Throughout this discussion, it was clear that there is a talent to balancing the moments you choose to "fight," and the moments where bipartisan efforts will be effective, and it's not always a true science... with panelists sometimes learning that the hard way.
I think that stemming from this discussion, to me the clear takeaway is the importance in voting for representatives that represent all of the people they will be elected to serve, not only a defined section of people. Similarly, if you view yourself as a potential candidate for office, the balance should be something you strive to achieve, when appropriate. This doesn't mean you olive branch every issue. There are certain party line issues that will always be that: partisan. But in local politics, there appears to be a lot of opportunity for bipartisan efforts to make a difference, with the right person behind the microphone.
Of course, I'm not even touching on so many other great points from the meeting that Rep. Brownley and State Senator Stern discussed, and those that touched upon the need to support, volunteer and fundraise for our candidates... and to RUN. There are so many positions to run for. Find your passion/cause, identify how you can be involved on a county/state/federal level and get involved.
Now I've got to bake banana muffins and cookies with AB.
CVUSD school board president, Mike Dunn has got to go in 2018, and let's talk about why.
According to the CVUSD website, here is Mr. Dunn's bio:
"I am married to a special education teacher. We have two children in this school district. I am a retired firefighter from the Los Angeles City Fire Department and was assigned to a paramedic assessment engine company. I bring an important voice to the board – someone who whenever possible tries to accommodate the wishes of the parents and taxpayers. My mission is excellent public schools and promoting traditional family values without property tax increases."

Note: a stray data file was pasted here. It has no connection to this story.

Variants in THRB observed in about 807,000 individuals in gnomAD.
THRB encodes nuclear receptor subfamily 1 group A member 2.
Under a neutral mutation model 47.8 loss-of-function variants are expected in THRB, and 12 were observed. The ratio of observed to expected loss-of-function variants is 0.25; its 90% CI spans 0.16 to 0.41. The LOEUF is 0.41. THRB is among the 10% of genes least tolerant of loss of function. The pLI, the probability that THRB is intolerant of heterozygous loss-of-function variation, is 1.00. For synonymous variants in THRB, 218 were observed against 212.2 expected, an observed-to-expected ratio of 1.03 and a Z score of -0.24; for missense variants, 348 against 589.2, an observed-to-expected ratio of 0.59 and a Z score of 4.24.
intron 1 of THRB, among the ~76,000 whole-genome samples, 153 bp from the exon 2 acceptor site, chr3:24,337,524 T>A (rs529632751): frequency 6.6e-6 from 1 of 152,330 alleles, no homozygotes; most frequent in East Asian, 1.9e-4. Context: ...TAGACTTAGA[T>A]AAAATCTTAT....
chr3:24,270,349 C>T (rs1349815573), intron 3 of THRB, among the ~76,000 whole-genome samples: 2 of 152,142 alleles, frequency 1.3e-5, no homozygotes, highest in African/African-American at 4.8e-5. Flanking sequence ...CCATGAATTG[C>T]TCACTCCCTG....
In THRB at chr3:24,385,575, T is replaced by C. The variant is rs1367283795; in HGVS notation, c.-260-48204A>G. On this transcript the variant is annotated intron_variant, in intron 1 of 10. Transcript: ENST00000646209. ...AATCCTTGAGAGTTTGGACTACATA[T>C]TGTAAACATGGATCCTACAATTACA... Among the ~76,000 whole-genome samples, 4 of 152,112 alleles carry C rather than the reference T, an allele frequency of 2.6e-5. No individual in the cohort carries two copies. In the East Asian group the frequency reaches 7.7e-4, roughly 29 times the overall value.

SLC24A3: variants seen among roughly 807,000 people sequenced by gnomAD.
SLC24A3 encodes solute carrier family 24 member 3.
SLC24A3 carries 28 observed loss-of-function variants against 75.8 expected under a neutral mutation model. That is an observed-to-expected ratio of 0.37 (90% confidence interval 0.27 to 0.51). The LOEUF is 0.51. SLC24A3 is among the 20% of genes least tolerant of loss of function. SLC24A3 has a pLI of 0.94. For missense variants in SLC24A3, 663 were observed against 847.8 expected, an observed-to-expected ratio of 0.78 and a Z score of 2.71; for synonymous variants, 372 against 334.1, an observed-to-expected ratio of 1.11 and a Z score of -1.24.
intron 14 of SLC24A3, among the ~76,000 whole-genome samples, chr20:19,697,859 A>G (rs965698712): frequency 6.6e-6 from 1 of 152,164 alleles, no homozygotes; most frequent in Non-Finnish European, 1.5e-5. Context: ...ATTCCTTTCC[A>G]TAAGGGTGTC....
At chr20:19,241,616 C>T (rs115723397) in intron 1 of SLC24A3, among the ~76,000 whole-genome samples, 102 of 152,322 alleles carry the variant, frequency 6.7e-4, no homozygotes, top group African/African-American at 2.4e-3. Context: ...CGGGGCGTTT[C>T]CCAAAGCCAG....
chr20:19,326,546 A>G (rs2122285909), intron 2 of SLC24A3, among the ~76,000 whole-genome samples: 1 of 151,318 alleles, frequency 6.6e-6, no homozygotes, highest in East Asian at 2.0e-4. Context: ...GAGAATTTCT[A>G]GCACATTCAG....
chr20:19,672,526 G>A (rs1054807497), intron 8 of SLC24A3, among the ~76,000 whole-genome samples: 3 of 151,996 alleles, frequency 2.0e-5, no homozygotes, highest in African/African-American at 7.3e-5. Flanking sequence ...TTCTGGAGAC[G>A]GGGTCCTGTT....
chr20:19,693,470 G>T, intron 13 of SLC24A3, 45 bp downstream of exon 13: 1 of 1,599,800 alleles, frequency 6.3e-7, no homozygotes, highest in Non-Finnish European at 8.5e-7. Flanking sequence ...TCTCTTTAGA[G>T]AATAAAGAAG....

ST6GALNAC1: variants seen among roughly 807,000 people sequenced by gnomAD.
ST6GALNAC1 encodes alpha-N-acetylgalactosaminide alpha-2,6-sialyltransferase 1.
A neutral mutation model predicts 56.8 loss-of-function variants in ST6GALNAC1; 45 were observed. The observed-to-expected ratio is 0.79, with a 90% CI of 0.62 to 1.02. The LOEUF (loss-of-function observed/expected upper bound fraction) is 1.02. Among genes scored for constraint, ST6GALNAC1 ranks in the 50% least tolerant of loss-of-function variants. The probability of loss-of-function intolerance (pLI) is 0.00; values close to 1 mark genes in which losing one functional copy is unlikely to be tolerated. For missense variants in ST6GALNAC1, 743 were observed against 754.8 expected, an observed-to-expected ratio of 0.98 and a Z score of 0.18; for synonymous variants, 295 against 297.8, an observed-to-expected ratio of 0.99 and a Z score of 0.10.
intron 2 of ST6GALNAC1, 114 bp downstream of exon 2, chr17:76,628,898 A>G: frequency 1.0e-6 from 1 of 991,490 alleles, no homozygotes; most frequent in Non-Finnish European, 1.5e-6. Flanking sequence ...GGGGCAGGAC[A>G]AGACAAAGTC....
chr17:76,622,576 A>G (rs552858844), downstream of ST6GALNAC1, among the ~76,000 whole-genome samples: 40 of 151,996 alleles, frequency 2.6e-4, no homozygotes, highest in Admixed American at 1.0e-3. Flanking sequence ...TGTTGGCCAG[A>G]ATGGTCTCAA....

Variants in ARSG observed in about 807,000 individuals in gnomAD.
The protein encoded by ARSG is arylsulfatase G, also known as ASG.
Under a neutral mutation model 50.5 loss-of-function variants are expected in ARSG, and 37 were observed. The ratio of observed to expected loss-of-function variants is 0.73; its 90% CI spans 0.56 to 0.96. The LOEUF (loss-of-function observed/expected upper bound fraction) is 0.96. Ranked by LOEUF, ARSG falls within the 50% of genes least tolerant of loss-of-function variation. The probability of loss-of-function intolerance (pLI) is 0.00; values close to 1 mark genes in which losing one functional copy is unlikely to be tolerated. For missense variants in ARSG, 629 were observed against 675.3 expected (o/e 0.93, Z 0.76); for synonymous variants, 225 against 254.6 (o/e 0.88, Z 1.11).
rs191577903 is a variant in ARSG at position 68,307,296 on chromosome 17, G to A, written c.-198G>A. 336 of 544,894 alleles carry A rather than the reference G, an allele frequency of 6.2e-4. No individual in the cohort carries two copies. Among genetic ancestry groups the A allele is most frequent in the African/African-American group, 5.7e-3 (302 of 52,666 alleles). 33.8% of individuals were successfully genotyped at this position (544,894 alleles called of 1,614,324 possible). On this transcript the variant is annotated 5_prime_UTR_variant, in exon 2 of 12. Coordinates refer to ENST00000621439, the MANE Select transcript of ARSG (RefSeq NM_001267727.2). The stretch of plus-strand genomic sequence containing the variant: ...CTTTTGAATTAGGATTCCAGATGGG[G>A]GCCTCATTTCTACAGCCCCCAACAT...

Our Disneyland vacation had finally come! It felt like a month since we had been counting down. That's probably because it was a month of counting down.
AB talked and talked and talked about how she was going to see Mickey and Minnie and Donald and Daisy and love them and hug them and give them fist bumps.
We were READY.
We got our family/friends discounted tickets from an AM blog follower and new friend (THANK YOU D!) and we chose to do one park/one day to save a bit on the cost because we aren't baller status just yet. We also went with the Holiday Inn Anaheim and for a TOTAL of $92 bucks, WITH parking...and about a 13-15 minute walk to Downtown Disney, that's a damn fine price for me.
In these short eight months since Donald Trump was inaugurated as President of the United States (and before during campaign season), it's felt like a lifetime of walking backward on progress and all of the things that truly make America great.